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Valeri Shah -- 'The Road Less Travelled'
Poet Robert Frost once wrote, "Two roads diverged in the woods, and I took the one less traveled by, and that has made all the difference."
CharityFocus volunteer Valeri Shah epitomizes those words.
Valeri began her volunteer work as a high school student, as a way to improve her resume for college applications. Today, she volunteers because she truly believes in serving and because it helps her achieve her goals of being a better person, in terms of living in the present and being less self-centered.
Valeri was born in Kansas City, Missouri, and lived in Sacramento for 15 years. She went to college at prestigious UC Berkeley, to study biology and now lives in the Bay Area.
She has worked in nonprofit organizations most of her post-college years, from working with troubled teens in San Francisco, to a company that is trying to bridge the digital divide in developing countries. "My vision with working is to allow me to put my efforts with a company where my goals are aligned with the organization," she says.
For Valeri, being in the present means being real in every encounter. "I am still struggling to be in the moment, but as I see it, if I can succeed, every action will be selfless. To volunteer means to serve others. Not until one is selfless is real service taking place," she explains. "So ideally, I see living in the present to extend to any action, where we can really be there for others, whether at work or volunteering."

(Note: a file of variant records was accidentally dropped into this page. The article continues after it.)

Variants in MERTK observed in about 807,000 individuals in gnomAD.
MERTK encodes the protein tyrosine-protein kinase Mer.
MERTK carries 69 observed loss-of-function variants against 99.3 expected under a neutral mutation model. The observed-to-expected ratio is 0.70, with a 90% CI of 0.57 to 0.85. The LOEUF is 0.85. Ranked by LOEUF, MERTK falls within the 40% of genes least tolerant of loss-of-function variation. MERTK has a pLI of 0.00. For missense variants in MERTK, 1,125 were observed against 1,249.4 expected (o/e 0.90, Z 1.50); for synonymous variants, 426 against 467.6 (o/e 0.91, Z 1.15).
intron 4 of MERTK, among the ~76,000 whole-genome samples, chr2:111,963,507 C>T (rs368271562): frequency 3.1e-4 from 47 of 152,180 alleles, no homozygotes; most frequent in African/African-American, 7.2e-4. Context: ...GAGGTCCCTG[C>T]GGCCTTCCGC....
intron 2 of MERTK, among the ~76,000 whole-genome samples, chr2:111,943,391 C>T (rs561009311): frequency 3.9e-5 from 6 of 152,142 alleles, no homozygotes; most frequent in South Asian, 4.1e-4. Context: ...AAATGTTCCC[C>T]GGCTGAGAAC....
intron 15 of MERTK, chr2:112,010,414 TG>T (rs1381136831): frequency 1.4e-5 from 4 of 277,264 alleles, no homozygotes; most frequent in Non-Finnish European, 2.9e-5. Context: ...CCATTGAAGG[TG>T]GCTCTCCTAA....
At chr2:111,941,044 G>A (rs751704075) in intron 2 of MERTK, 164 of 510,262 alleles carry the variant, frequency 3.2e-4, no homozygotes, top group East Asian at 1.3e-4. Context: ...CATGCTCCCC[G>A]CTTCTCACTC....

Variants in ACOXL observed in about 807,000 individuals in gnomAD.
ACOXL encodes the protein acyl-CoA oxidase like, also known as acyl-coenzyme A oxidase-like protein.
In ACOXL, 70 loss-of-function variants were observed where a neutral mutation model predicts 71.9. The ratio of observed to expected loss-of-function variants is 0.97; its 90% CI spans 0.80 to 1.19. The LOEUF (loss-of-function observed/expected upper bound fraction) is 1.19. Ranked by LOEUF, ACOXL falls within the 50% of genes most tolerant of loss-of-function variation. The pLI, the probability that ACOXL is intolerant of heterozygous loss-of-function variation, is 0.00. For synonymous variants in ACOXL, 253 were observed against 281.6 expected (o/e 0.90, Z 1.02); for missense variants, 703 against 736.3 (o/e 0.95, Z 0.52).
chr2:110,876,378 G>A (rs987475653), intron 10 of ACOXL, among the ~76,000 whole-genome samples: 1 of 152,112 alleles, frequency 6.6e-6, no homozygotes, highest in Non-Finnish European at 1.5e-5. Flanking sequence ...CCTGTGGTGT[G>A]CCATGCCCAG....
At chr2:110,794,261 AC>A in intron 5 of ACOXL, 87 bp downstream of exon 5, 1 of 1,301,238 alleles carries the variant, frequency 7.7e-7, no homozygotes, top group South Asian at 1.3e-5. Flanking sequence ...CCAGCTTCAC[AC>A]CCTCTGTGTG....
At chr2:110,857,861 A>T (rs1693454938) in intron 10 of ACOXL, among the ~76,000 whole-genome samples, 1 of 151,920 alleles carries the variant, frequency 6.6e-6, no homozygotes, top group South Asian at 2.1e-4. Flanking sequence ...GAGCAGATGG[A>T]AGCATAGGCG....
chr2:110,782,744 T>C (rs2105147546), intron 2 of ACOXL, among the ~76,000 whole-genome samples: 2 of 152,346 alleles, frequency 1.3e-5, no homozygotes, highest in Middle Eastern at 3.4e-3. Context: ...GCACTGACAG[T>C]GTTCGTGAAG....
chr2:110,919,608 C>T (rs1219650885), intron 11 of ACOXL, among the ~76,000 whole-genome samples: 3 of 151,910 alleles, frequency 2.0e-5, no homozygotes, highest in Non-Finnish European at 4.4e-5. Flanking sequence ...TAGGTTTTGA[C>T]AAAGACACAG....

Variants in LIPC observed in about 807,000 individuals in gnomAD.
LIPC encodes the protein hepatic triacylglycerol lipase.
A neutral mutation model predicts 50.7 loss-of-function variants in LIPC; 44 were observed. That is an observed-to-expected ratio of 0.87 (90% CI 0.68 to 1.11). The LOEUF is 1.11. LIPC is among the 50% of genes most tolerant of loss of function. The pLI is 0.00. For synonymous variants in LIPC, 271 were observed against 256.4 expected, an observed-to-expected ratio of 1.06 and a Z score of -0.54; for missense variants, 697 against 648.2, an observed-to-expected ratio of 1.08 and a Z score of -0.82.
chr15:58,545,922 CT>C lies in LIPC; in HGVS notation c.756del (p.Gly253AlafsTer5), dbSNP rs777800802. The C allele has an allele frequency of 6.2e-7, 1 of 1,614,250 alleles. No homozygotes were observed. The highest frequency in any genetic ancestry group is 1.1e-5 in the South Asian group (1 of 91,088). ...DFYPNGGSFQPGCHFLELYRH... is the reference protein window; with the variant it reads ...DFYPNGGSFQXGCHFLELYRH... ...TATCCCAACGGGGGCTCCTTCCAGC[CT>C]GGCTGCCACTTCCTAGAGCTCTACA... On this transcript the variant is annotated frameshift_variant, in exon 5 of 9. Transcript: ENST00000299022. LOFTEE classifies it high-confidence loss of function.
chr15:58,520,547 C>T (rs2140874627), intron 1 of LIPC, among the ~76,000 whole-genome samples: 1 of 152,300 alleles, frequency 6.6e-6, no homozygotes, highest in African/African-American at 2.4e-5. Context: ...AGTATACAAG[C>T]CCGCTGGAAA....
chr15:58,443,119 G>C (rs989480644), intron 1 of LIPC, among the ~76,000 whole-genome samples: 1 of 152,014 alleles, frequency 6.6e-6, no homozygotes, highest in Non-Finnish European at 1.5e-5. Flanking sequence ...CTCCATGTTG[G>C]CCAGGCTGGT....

Valeri has been influenced by the different people at CharityFocus. "People like Gandhi, Mother Teresa, and the Peace Pilgrim are great," she says, "but I have met people that are equally as great in my mind, and much more real because I actually know them."
Valeri ventured into starting a meditation class at a Youth Detention Center, but it didn't pan out. She still hopes that it will someday. She considers herself an optimist and her friends think that she's a good listener, though at times a bit "off the wall."
Many times she feels alone in her views, she explains. "I guess my idealism overcomes my practicality sometimes. For example, many of my friends would say that my going to a meditation retreat is a waste of time, that if I really want to help others, I should just go do it. I see the need for self-improvement to be vital in being able to help others. "
In case you get the impression that she's all volunteer, forget it. She loves outdoor activities like hiking, biking, volleyball and hanging out with friends. She's traveled around the world to India, Costa Rica, Peru, and Japan, and enjoys being in remote locations. She even climbed Machu Picchu, just not all the way.
She likes making people birthday presents. She claims to have a good sense of humor, adding that her peers might find that debatable.
One of her goals is not to seek any reward from volunteering. She would like to be able to get the work done, even without getting any appreciation. "The journey is the reward," she says.
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